To avoid an unexpected tax bill on their tax return, taxpayers must correctly deduct taxes from their PA benefits. For federal income tax purposes, taxpayers may, but need not, opt for a 10% withholding tax rate. Taxpayers may also pay estimated taxes quarterly during the year. Many taxpayers likely did not properly withhold or deduct the amount of tax for unemployment benefits, which can lead to unexpected tax liabilities when they file their 2020 tax returns.
Refundable Tax Credits
As part of the recent coronavirus package, policymakers made changes to the calculation of the ISCED and Child Tax Credit (CTC) for fiscal year 2020. Generally, both loan amounts are calculated based on earned income and on time scales for low-income people. The sliding scale with income means that the economic downturn can reduce the cost of a loan for those who have lost income due to the pandemic.
The latest coronavirus package addresses this problem by allowing claimants to use 2019 income instead of 2020 income to determine eligibility for a credit when filing their tax returns. The revolving provision will increase the total amount of repayable loans for low-income borrowers. It will be important for tax filers to compare the income earned for the two tax years to see which is most appropriate for their tax situation. The Joint Committee on Taxation (JCT) estimates that federal revenues will fall by about $4.1 billion in 2021.
Many tax preparers worry about tax refunds at the beginning of tax season. A combination of unique economic conditions and specific tax policies can affect refunds, both for individual taxpayers and for the tax system as a whole.
Economic downturns often affect refunds because taxpayers have lower incomes and tax policy creates incentives that affect the amount of refunds. During the Great Recession, for example, total repayments exceeded the trend, rising from about $250 billion in 2007 to $335 billion in 2009 before remaining flat in subsequent years (see the following chart). However, the percentage of returns with tax refunds has remained stable, between 75 and 80% of the returns filed in those years. The average tax credit also increased from about $2,200 in 2007 to about $2,600 in 2009 and then decreased to about $2,200 in 2016.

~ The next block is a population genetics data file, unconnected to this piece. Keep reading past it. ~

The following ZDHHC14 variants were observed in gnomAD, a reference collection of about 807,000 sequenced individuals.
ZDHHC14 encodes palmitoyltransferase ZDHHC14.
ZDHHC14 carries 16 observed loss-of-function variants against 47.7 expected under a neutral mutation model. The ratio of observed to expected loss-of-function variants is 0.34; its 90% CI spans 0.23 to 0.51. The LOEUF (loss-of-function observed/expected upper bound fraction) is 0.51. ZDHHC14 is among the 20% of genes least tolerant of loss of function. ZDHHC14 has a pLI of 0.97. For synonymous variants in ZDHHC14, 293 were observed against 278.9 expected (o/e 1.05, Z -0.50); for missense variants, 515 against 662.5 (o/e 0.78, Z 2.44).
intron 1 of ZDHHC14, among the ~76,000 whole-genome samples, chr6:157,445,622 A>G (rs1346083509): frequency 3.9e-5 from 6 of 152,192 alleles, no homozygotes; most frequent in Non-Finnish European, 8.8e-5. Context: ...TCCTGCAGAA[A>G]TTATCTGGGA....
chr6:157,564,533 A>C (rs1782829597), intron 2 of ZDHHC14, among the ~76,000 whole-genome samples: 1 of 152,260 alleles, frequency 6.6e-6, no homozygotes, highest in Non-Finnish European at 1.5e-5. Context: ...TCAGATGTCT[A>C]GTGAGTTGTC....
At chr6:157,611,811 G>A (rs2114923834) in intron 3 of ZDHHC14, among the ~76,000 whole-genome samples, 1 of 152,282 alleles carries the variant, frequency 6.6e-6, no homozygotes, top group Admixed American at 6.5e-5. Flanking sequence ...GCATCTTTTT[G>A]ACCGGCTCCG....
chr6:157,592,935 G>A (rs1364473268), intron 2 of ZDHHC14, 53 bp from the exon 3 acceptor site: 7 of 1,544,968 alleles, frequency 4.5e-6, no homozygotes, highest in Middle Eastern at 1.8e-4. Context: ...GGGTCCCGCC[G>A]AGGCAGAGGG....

It is unclear where tax refunds will end up in fiscal year 2020, although trends indicate higher refund levels than in recent tax seasons. Many taxpayers have not yet made their economic arguments. As of mid-September 2020, up to nine million eligible people had not yet received their benefits. In addition, individuals who have not previously received a second-round incentive payment must report it on their tax return to take advantage of this credit. Taxpayers should ensure that these payments are not claimed twice if the second payment is received after the tax return is filed, which may require an amendment to the tax return.
The payments will tend to increase returns, although it is not known how many people who do not normally file tax returns will do so this year to take advantage of the payments.
Adjusting refunds for tax credits may also help preserve the amount of refunds available to low-income taxpayers. The cost of the adjustment, estimated at $4 billion, represents about 1 percent of tax refunds generated in 2019, although the loss of revenue is unlikely to result in an immediate increase in the amount of tax refunds.
An increase in unemployment insurance claims could be a devaluing factor for tax refunds, as some claimants may have additional tax arrears if they did not properly withhold taxes during the tax year. However, this problem was not so important during the Great Recession that it offset other trends toward tax cuts in general. However, it remains to be seen whether the tax due on higher benefit amounts compared to the current economic downturn (including CUPF payments of $600 per week) will significantly reduce the refund.
While tax refunds are an area of interest for taxpayers, it is important to remember that tax refunds are not an accurate means of analyzing tax liabilities or assessing how tax changes will affect the taxpayer’s after-tax income.
The 2021 tax season will be difficult for taxpayers, the IRS, and state tax departments due to last year’s tax changes and the logistical challenges presented by the current pandemic. The IRS should provide flexibility for individuals and businesses to meet and understand their tax obligations for the year, while seeking ways to simplify tax compliance and reporting procedures.